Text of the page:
Basicly, it's icmp only. We, like many other, utilize the tcp checking in
net_connect to do tcp checks against i.e. ssh and rdp in addition to icmp
checking the hosts.
Since we still wan't to do the tcp checks, we'll still need net_connect probe
with the same amount of profiles, and pretty much the same configuration.
Based on some testing I did earlier (but I might have gotten it wrong),
net_connect doesn't fail properly on the tcp checks if it's unable to check
them. However, I need to do more testing regarding this.
Furthermore, the new icmp probe has next to no config settings. What you can
configure is this:
- loglevel (default 1)
- timeout in seconds (defailt 2)
- number of packets (default 3)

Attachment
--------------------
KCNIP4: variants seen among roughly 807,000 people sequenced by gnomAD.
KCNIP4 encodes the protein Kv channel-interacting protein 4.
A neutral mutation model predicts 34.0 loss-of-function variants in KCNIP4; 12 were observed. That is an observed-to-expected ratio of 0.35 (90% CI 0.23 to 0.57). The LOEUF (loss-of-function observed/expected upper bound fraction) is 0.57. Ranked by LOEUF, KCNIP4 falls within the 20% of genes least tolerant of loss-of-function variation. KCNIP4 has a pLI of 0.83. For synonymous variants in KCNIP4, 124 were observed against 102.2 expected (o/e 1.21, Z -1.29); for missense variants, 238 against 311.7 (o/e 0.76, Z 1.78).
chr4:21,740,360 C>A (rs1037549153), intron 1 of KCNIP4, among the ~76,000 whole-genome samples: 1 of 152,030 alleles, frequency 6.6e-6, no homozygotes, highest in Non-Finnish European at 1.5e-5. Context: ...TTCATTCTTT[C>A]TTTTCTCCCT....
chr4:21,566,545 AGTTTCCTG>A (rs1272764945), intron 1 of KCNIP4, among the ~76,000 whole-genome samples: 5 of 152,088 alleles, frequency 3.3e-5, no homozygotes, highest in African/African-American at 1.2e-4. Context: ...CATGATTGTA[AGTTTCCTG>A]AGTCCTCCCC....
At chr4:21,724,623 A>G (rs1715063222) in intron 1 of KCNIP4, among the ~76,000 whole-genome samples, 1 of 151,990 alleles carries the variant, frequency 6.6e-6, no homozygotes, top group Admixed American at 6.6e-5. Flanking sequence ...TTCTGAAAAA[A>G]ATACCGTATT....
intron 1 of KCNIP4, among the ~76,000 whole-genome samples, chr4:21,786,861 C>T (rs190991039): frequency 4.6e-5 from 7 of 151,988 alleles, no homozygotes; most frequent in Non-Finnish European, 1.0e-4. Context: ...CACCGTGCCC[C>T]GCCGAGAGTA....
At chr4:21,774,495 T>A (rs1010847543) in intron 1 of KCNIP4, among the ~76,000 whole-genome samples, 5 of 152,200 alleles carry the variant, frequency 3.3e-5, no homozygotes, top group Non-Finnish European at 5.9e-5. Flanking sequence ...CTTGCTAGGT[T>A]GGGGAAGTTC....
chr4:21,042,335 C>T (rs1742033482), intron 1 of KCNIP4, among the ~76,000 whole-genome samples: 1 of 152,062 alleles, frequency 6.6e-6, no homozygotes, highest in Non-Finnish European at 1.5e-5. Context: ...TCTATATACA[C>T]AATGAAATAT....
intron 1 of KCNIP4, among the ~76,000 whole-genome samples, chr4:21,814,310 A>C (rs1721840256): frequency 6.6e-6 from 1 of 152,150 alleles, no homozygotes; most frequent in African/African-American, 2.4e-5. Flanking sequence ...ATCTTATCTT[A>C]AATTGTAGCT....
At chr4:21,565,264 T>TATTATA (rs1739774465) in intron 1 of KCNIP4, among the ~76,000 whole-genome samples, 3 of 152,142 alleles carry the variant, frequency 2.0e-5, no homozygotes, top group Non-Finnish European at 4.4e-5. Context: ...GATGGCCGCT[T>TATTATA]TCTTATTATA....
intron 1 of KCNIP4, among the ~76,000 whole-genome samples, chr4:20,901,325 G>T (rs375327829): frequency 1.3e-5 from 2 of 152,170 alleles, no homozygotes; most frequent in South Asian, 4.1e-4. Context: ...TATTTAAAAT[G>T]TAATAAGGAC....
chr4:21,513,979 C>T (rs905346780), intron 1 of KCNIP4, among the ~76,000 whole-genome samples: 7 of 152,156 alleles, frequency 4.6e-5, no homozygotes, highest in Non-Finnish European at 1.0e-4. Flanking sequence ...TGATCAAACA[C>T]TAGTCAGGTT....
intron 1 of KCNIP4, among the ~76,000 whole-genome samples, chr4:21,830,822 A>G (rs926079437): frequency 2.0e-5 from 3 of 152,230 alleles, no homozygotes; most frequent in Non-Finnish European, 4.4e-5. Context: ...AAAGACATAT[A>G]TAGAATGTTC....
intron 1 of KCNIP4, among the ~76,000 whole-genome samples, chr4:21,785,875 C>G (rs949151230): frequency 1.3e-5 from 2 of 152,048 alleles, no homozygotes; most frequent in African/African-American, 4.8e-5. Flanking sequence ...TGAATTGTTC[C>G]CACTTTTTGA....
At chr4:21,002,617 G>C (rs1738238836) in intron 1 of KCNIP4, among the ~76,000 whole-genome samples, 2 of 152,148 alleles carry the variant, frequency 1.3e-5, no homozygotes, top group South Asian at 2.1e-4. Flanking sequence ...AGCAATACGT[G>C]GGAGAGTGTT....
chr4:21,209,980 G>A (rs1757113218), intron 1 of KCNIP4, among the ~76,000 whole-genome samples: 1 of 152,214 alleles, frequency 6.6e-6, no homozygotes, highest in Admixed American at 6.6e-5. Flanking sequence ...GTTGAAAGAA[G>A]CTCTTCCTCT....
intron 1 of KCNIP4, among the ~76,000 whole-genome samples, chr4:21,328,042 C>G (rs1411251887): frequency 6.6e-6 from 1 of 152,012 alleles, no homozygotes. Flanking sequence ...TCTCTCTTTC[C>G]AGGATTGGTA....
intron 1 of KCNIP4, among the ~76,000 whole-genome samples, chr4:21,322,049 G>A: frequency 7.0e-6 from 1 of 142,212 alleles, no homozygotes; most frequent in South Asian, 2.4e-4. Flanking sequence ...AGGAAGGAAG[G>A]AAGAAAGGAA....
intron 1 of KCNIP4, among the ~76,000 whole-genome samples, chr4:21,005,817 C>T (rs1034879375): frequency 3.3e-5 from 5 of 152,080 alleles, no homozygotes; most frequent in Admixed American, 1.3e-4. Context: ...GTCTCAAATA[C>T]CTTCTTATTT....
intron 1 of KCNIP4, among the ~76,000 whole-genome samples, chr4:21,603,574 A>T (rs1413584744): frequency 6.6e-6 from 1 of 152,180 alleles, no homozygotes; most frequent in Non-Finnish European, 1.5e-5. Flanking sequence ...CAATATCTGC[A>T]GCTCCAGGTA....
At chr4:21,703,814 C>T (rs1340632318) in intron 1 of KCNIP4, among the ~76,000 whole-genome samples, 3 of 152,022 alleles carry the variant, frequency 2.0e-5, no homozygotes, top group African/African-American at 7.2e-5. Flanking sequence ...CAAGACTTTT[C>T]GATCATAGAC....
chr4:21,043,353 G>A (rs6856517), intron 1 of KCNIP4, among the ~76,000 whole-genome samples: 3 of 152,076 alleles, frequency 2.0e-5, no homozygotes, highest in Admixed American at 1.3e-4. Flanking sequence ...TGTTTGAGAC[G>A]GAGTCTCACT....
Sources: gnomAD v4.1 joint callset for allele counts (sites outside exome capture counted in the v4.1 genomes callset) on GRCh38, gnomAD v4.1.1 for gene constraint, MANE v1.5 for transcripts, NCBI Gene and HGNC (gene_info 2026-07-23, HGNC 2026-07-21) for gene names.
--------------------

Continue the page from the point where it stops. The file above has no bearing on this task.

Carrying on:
- buffer size (default 64)
- interval in seconds (default 600)
- active (checkbox)
- interval in seconds
- buffer size
- TOS Format (default Decimal)
- TOS Type (default TOS)
- TOS Value (default 0)
So, they create a brand new probe that is gonna be the new ping flagship, and
it's utter garbarge when it comes to configuration.
What happened to configuration settings like..
- loglevel per profile? Debugging these probes with support for only global loglevel is a pain.
- No options to override fields like source, target and origin.
- No sample/alertafter settings to only trigger alarms if profile fails N intervals in a row.
- No support for retries within the interval.
- No support for custom messages on profiles.
- No obvious settings at least for monitoring packet loss.
- No way of selecting what QoS you want and don't want.
I mean, the new probe doesn't even support the same set of features related to
icmp that net_connect does.
And the memory usage. According to the doc, it needs: "Memory: 6 GB of RAM for
20000 resources, 8 GB for 30000 resources, 12 GB for 50000 resources." What on
earth are they doing? Storing the entire internet in the probe?
What is going on here?